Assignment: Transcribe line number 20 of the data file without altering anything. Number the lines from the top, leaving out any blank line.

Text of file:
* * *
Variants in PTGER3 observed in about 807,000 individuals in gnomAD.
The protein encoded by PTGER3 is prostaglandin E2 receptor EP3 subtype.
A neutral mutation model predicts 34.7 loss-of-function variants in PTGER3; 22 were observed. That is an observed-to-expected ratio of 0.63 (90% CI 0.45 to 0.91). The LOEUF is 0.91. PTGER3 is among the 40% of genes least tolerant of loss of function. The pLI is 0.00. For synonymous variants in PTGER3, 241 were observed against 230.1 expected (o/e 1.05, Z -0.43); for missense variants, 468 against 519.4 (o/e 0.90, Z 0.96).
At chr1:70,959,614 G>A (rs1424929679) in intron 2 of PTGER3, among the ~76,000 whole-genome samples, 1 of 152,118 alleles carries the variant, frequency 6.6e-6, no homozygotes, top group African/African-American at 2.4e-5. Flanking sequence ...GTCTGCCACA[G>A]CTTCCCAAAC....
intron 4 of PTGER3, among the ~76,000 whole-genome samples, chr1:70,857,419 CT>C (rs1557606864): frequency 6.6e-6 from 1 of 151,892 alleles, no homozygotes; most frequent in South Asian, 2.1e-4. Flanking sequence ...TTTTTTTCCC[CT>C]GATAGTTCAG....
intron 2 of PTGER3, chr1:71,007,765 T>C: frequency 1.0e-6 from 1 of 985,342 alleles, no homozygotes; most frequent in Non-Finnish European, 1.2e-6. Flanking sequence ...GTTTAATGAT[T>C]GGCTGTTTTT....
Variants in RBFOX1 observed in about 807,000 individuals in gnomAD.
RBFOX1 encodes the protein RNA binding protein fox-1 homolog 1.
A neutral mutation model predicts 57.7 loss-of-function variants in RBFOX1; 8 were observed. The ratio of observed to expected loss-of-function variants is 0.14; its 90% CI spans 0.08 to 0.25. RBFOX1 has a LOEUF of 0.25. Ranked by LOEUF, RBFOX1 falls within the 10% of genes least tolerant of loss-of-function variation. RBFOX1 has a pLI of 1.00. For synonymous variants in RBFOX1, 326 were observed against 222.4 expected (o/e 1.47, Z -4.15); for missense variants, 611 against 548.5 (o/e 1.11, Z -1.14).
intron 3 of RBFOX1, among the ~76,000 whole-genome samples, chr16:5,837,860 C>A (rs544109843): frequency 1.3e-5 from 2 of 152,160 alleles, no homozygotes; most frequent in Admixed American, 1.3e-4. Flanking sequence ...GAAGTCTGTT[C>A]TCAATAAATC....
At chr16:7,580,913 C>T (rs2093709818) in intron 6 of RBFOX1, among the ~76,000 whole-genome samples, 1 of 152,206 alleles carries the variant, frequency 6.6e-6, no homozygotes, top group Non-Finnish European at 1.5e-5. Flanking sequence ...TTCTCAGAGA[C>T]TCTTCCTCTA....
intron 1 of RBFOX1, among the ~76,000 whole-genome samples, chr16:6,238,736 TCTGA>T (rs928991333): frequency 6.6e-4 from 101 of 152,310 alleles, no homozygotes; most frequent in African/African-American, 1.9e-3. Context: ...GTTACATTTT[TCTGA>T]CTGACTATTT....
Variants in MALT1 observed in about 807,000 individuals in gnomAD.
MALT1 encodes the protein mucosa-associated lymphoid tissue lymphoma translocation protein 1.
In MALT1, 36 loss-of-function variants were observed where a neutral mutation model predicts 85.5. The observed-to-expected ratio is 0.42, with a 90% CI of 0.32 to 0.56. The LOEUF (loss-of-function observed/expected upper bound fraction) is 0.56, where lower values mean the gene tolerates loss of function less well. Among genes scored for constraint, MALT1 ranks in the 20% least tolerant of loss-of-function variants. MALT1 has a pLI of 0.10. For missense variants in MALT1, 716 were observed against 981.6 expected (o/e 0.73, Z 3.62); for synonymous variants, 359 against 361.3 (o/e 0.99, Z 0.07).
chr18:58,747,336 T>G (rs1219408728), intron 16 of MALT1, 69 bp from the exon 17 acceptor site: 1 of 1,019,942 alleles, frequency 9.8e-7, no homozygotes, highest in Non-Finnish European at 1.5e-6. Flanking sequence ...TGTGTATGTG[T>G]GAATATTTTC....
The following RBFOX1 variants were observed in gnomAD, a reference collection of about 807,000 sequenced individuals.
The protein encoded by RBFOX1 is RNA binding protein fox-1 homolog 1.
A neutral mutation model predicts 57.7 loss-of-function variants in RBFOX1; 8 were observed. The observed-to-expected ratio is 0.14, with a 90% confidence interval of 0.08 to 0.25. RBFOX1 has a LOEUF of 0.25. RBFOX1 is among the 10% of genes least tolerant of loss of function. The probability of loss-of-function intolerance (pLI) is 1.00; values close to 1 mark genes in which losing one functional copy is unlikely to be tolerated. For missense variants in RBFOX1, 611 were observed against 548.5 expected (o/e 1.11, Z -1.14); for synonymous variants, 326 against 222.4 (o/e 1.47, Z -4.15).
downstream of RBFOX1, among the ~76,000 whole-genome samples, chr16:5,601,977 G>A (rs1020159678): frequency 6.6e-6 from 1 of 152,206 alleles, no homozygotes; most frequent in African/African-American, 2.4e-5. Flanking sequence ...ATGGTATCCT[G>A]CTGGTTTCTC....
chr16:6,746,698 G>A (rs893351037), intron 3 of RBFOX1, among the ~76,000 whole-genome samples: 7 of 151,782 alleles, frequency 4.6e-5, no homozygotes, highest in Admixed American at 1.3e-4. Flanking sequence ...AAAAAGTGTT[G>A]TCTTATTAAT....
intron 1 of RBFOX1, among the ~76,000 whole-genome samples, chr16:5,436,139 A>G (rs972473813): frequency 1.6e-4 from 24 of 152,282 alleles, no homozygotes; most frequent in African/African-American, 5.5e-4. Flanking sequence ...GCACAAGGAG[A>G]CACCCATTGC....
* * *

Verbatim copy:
downstream of RBFOX1, among the ~76,000 whole-genome samples, chr16:5,601,977 G>A (rs1020159678): frequency 6.6e-6 from 1 of 152,206 alleles, no homozygotes; most frequent in African/African-American, 2.4e-5. Flanking sequence ...ATGGTATCCT[G>A]CTGGTTTCTC....